• a lot of football metaphors thrown in, but I thought they made a bit of a rush job with the collage of Sunny Afternoon, the show’s title song, and England winning the World Cup
  • Class: in the US Ray and Dave play up as working class socialists, and it is made quite clear that the touted classless society of the early ’60s was, if not an illusion, a very short-lived phenomena
  • a couple of neat ‘time traveller’ jokes
  • is Sunny Afternoon set to be the middle part of a very broadly defined trilogy?  I wonder this because of the way it ended, with Allen Klein reintroducing them to the American stage.  So we’ve had the Davies family background in more detail with the earlier rather fine but never made it to the West End Come Dancing musical, albeit with a fictional plot overlaid, and Ray is talking about “something epic” when the Americana – the what came next – CD is released?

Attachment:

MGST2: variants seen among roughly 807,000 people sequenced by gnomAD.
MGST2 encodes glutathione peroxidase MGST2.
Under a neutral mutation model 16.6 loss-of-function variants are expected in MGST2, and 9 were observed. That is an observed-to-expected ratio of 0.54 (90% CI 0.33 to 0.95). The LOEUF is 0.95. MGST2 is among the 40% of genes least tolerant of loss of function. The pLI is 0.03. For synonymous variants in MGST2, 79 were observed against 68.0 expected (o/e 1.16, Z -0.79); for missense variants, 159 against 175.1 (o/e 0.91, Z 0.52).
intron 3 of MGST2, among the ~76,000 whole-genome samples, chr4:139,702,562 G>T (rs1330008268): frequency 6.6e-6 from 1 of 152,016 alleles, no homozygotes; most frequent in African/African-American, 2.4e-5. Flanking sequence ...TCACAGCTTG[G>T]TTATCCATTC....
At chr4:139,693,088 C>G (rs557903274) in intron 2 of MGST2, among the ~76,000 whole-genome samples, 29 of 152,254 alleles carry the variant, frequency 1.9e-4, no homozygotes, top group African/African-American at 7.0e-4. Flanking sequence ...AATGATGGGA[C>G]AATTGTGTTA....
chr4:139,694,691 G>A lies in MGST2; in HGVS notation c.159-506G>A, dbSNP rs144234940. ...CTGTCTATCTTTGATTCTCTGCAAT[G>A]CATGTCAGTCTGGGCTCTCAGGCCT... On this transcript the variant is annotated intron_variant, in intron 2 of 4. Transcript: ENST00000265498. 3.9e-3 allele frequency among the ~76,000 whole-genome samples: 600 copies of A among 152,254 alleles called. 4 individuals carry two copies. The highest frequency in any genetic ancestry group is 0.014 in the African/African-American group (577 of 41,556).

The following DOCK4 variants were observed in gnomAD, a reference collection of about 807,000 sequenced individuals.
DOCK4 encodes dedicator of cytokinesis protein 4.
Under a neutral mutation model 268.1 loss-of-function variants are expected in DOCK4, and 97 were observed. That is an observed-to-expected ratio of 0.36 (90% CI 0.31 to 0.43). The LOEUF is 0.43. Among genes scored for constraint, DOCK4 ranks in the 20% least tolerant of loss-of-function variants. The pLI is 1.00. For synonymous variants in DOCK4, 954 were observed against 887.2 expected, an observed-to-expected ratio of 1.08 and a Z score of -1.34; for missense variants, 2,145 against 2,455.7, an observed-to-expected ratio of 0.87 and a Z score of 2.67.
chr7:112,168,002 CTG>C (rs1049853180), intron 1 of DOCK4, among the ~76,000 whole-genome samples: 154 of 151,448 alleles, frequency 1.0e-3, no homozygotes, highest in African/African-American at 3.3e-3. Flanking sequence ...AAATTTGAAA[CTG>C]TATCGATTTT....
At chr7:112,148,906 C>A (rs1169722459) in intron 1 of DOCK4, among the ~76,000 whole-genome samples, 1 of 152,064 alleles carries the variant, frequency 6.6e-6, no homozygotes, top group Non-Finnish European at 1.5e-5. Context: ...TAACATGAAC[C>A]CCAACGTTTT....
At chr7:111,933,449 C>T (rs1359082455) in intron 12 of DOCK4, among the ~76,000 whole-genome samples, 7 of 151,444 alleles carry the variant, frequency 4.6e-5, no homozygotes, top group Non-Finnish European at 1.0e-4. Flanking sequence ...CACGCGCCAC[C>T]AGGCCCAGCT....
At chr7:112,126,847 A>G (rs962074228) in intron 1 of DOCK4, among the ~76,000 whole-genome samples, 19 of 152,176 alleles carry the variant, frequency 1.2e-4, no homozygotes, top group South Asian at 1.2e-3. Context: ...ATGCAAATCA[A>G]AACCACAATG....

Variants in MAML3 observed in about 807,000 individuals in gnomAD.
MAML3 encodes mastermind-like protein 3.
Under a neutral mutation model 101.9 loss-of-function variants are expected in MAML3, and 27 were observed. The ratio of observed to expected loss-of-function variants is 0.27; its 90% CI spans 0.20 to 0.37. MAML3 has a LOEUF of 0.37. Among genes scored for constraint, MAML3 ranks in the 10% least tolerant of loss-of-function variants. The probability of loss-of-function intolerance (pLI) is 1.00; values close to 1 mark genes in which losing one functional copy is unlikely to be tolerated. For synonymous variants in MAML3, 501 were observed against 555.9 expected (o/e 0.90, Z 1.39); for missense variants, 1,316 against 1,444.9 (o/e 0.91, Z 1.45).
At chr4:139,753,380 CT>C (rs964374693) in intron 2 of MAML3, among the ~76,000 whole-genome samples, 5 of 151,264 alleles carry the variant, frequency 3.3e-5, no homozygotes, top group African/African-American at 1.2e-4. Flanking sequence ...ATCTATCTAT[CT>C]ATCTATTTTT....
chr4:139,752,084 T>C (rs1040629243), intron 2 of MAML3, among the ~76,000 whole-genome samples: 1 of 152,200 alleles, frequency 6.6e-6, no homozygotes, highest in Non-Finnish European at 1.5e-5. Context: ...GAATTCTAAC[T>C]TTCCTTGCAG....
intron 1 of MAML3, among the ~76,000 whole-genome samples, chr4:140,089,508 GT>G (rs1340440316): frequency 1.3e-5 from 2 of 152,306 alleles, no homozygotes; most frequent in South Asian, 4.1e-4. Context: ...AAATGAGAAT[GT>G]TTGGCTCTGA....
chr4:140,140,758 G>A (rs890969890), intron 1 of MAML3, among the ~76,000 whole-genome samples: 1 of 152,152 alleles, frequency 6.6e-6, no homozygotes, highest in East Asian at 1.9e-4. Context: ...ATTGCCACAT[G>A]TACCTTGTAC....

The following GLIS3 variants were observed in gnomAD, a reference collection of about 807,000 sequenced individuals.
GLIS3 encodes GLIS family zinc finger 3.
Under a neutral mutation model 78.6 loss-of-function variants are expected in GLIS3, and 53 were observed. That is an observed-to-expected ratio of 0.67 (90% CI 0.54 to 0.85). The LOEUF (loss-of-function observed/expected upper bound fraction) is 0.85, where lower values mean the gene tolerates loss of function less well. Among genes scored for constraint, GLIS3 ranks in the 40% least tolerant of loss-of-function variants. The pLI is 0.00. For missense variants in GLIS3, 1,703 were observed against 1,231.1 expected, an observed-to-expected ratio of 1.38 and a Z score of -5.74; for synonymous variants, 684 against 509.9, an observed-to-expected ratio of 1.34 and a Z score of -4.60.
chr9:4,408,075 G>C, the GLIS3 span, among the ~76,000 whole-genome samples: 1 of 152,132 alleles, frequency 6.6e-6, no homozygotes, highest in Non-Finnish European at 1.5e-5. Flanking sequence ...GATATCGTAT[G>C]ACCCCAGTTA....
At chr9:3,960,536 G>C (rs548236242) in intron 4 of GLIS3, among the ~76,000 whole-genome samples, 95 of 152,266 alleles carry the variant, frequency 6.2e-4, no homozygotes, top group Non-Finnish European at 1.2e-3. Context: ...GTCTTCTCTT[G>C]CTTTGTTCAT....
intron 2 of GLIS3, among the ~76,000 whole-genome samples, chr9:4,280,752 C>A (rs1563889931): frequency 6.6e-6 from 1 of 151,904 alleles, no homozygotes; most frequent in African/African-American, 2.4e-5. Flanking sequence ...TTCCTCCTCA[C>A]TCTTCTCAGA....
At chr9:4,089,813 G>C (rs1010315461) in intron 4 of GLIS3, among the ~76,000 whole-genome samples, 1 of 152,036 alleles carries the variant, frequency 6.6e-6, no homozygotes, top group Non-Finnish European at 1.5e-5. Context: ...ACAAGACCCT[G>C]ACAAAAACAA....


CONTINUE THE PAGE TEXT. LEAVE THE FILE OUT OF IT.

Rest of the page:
• so Allen Klein: I must admit I hadn’t realised that it was his team that cleared the legal or bureaucratic decks that allowed the Kinks to work in America again, and although there was the dramatic moment in the show when Ray made sure they didn’t sign another damaging management deal with him after he’d sorted a few things out (unlike the Beatles and the Stones), Klein’s voice announcing their return to a big New York venue seemed an odd way to end the narrative.  As if “the rest is history”, except for most people, it isn’t.  Apart from Lola.